The Bees Are Doing Well....

Stopped by to see how the bees were doing this afternoon.  Arrived around 16:00 when it was abuot 80 degrees F and with a steady south wind of about 15 miles an hour.  Not really an optimum visitation scenario.  Mostly, I just wanted to drop off a bucket of sugar water to one of the hives that did not get any because I was short on sugar last Friday.

There was a lot of activity at the entrance of all three hives.  And many bees traveling to and fro from the woods to the North and the long grassy area to both the east and west.  It was kind of fun to sit back and watch the 'fly-zones' around each hive.  Sort of like having three airports lined up serving different air lines in a way.

I noticed that the entrance reducer was not visible on the Eastern most hive, got down on my hands an knees to see what might have happened, and sure enough: something had pushed the reducer back into the hive.  The bees made it abundantly clear that they did not want me correcting the situation at that time of day, so I left placed the bucket of sugar water in the hive where it was needed and left to wait for cooler weather and tempers...


I returned to the hives about a half hour before dark.  A much more mellow reception.  The activity at the entrances and in the air space around the hive was substantially reduce.  Temperature was around 68 and almost no wind, which I am sure helped.

I fired up the smoker and put the entrance reducer back in place on the Eastern hive.  Then decided to do a quick check on a few frames to see what might have happened since the last time.  The bees are still working hard on finishing drawing comb on the central six frames.  There is an oval shaped band of closed cells on the outermost frames with the innermost frames having about 70% closed cells.  I noted what were clearly some young bees crawling about, and a few new-borns working their way out of the cells.  I have yet to spot the queen in any of the hives, but clearly there is a queen working in each hive.

The bees seem to work the top of the frames first, building up comb, then work toward the outer edges, subsequently closing cells in that oval band an inch in from the edge.  After that, the cells within the oval get filled/closed, and the bottom of the frame is left for last.  Maybe leaving room for easy access from the bottom of the hive?  Sort of a 'why clutter the entryway' approach perhaps?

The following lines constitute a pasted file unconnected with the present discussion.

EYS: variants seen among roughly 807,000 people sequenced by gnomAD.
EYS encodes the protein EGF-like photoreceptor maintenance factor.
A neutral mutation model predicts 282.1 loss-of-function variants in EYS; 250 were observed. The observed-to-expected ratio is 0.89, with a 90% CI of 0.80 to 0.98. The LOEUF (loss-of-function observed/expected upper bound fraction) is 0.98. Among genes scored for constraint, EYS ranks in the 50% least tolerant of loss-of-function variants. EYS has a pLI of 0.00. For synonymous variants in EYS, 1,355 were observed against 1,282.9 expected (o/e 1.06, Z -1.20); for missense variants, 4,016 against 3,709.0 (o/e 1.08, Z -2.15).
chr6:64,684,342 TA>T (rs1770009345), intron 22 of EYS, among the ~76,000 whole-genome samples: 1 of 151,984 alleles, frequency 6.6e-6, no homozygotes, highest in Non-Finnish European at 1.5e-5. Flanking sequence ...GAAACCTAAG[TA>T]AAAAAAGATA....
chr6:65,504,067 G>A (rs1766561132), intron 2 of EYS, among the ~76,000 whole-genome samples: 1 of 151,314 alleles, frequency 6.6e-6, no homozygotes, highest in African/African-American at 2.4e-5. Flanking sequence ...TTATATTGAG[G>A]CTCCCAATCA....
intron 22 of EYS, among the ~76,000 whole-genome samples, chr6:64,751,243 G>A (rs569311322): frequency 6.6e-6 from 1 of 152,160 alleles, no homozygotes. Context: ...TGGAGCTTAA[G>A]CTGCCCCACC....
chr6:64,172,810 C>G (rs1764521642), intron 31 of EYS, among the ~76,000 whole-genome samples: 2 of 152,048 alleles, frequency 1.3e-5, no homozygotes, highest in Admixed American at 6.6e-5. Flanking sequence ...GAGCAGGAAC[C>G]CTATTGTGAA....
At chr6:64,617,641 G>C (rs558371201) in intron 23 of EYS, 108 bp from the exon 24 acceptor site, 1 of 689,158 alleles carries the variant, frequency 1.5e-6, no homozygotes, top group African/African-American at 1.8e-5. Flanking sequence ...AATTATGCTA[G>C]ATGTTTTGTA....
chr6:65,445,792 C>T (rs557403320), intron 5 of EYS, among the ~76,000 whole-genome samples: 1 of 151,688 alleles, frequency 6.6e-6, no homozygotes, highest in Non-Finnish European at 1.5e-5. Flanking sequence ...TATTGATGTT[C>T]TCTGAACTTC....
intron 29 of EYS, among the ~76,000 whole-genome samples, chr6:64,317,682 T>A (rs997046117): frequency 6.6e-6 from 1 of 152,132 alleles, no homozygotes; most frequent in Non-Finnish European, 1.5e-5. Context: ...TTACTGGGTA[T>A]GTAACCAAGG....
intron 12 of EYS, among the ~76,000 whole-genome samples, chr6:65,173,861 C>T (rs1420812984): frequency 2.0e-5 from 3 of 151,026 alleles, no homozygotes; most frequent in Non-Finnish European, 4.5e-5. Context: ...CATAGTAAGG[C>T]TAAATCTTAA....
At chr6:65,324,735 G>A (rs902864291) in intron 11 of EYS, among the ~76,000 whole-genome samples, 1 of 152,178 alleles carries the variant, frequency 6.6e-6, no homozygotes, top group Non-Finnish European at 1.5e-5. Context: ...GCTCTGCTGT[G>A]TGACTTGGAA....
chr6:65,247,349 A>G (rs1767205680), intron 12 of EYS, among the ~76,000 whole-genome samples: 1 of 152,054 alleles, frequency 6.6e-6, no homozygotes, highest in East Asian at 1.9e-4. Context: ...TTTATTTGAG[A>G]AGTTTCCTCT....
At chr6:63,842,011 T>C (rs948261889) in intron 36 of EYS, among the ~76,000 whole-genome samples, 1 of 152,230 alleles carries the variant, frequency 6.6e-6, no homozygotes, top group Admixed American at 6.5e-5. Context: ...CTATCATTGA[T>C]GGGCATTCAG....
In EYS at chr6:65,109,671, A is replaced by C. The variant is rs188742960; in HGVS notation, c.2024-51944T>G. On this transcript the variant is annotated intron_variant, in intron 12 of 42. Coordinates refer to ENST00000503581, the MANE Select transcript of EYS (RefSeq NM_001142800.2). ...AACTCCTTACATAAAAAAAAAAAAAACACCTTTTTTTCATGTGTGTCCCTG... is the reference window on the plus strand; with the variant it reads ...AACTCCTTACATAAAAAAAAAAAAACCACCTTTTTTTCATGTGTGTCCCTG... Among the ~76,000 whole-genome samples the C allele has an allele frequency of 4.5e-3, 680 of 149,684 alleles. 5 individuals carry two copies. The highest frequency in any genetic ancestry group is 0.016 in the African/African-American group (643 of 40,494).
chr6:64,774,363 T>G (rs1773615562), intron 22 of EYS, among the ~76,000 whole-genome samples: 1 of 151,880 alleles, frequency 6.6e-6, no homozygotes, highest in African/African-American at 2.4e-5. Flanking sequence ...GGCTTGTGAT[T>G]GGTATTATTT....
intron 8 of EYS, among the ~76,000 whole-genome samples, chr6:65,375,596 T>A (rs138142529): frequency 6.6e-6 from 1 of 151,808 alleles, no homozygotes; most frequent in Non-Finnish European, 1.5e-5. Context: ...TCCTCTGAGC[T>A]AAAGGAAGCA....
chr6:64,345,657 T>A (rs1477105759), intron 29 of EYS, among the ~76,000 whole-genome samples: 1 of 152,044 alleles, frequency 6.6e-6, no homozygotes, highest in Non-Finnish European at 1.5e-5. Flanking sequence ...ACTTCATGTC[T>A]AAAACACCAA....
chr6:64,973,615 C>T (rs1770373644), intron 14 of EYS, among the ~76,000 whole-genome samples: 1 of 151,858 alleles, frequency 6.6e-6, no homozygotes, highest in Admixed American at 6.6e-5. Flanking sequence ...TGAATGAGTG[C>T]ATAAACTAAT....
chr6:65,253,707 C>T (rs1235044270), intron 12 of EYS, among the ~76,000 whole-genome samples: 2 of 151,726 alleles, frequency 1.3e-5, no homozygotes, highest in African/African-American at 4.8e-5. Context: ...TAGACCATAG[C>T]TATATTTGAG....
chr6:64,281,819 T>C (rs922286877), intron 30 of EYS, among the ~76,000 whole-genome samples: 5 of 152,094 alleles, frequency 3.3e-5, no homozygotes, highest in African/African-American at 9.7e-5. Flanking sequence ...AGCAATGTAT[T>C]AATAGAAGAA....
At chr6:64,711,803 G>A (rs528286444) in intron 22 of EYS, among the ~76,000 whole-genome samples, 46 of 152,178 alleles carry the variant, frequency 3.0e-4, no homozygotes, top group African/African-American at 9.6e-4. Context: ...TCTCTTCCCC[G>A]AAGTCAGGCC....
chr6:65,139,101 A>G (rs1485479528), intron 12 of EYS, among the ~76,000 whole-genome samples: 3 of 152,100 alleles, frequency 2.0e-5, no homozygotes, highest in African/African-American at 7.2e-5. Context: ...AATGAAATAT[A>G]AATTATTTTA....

I was surprised to see a little black spider pop up from the bottom of the bottom board, grab a bee, apparently paralyze it, and then run off with the body.  Not sure why I was surprised I guess, other than it was unexpected at the moment.  I am sure there must be predators that take a bee now and again.

I don't see any glaring differences between hives, nor between bee varieties.  The bottom of the hives still remain relatively clean, and bodies of the deceased seem to be consistently removed from the hive, indicating that the attrition rate is not high, and that cleanup duties are easily achieved.  I don't know much about it, but that indicates to me that the bees are doing well.

The fact that a little smoke is all that I use to keep them calm when I am handling the frames indicates that they are not too terribly defensive either, perhaps an indication that they are feeling relatively safe in the current environment?  Maybe wishful thinking...    Regardless, the bees tolerate my presence pretty well, so have not had to suit up yet.  I think though, that if I had tried to do frame checks and entrance adjustments earlier when it was hot and windy, it would not have gone so well. They did make it clear that I was not welcome at that time... gotta remember that...